Floral Food

I found the perfect holiday ornament right outside my front door!

Shade-loving native pigeonberry designed this all by itself. I guess the birds admired it so much that they left this last, lone fruit to shine.

Nearby, bees and butterflies scrambled for the free shrimp (plant).

In temperate winter microclimates, shrimp plant doesn’t toss the decorations until I prune them back in late February or early March. Supposedly deer resistant, shrimp plants are very drought tolerant.

My calamondin oranges are going gang-busters since I remembered to dose my container plant with high nitrogen fertilizer a couple of times this year. I use Citrus-Tone after Trisha praised its organic ingredients and beneficial microbes. Watch her segment about calamondins, limes, and kumquat.

Well, that worked! It looked so bad last year that I almost dumped it. In a container, it can really take a hit in super cold weather if not protected, which I didn’t. But it rallied ‘round!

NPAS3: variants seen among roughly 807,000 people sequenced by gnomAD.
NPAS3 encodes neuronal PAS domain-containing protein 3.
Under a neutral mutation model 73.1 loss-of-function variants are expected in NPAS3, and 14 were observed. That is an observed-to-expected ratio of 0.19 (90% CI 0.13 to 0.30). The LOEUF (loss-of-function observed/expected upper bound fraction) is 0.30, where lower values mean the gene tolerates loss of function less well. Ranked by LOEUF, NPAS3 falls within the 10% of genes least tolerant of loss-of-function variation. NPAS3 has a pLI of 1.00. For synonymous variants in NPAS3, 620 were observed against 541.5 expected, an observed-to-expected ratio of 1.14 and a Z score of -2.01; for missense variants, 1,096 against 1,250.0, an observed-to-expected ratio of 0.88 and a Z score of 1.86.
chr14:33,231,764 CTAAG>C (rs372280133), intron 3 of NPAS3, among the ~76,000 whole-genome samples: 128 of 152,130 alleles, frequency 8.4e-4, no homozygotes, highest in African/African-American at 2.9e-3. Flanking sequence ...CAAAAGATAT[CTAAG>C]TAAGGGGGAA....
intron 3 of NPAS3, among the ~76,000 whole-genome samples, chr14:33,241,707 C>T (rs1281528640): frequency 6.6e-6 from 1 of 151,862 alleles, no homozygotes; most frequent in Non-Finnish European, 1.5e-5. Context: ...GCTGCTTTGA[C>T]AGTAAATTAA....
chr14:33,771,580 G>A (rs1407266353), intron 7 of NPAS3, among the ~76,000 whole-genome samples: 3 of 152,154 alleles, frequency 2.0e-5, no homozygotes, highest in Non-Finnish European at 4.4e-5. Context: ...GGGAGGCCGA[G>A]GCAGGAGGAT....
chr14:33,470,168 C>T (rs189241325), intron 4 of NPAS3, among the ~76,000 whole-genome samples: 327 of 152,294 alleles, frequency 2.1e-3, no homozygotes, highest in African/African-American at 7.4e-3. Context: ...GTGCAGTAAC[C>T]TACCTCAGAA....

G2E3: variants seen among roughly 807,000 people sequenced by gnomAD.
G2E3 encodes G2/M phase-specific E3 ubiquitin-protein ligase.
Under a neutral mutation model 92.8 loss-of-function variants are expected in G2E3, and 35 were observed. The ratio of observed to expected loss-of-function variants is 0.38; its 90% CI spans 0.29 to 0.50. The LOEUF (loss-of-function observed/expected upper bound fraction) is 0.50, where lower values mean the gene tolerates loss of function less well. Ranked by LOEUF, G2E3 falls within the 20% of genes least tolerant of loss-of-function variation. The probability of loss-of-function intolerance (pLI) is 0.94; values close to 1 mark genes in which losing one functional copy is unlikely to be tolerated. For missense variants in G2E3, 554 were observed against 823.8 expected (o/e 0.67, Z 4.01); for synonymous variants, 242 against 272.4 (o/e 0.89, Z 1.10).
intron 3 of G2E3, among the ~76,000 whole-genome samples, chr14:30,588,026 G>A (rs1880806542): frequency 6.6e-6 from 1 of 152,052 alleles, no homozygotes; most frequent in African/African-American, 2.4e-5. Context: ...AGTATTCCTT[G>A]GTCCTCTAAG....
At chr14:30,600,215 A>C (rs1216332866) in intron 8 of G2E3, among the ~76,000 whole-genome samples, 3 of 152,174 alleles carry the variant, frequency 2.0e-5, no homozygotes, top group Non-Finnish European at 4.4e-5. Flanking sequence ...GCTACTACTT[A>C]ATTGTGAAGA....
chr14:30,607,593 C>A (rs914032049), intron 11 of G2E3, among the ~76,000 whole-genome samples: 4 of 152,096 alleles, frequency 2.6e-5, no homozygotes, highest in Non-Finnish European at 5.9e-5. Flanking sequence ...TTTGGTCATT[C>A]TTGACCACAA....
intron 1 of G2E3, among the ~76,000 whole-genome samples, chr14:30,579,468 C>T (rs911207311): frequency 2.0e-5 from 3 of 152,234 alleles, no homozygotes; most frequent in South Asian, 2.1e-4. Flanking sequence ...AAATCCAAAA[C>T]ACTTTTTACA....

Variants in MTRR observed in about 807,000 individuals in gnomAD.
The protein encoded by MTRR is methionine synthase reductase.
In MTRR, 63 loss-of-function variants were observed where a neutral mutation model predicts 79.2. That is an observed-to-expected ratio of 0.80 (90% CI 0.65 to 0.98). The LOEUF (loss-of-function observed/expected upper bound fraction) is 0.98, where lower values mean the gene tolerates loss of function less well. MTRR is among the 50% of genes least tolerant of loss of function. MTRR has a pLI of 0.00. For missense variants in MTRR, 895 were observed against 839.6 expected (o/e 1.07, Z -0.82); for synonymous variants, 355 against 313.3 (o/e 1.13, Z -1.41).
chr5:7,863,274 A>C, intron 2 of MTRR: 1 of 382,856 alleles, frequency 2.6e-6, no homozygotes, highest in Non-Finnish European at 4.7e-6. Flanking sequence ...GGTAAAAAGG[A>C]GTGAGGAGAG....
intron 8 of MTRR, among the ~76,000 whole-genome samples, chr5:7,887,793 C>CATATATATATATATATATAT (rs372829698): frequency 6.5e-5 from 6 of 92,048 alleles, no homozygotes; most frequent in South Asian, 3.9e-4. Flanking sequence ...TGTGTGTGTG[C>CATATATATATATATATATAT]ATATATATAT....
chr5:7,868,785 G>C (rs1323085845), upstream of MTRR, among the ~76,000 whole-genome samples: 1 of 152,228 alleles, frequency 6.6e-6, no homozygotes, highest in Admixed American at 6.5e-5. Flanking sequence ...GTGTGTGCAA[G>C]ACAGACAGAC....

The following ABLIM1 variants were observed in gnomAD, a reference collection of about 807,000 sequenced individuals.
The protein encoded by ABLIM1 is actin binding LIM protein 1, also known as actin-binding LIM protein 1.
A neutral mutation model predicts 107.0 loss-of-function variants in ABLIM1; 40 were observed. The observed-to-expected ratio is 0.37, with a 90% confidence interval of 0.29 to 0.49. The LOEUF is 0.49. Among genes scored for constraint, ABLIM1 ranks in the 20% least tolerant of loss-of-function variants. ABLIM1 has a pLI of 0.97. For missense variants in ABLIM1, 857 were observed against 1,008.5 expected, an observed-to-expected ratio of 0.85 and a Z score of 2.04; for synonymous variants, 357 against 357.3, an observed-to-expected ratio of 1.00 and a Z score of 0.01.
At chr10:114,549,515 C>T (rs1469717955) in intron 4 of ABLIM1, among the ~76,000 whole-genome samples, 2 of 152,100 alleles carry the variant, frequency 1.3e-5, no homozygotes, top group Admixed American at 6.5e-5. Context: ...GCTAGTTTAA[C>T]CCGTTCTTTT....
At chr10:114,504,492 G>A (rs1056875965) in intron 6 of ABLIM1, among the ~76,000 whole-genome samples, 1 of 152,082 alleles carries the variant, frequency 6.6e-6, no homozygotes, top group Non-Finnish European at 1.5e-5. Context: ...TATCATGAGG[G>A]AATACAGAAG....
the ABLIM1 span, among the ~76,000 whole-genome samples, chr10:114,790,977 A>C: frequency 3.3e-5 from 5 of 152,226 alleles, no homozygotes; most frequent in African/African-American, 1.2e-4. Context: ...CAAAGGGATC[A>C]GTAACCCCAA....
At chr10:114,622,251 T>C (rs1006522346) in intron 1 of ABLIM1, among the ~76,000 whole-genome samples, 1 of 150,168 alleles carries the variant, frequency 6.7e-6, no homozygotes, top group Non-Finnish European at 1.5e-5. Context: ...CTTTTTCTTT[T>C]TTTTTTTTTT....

This weekend, I’ll harvest the plump little fruits. I’ve got my eye on Jennifer Stocker’s marmalade recipe on her blog Rock Rose.

From citrus to corn, home gardeners are eating their gardens instead of mowing them. Horticulturist, speaker, and author Brie Arthur joyfully explains how she got started and why she launched The Foodscape Revolution.

On tour, how does growing food unite a community? In East Austin, the Festival Beach Community Garden brings together multicultural gardeners of all ages to share planting techniques, seeds, and recipes.

On adjacent park land, volunteers at the Festival Beach Food Forest nurture a 7-layer fence-free food forest open to public harvesting.

Watch now!

Thanks for stopping by! See you next week, Linda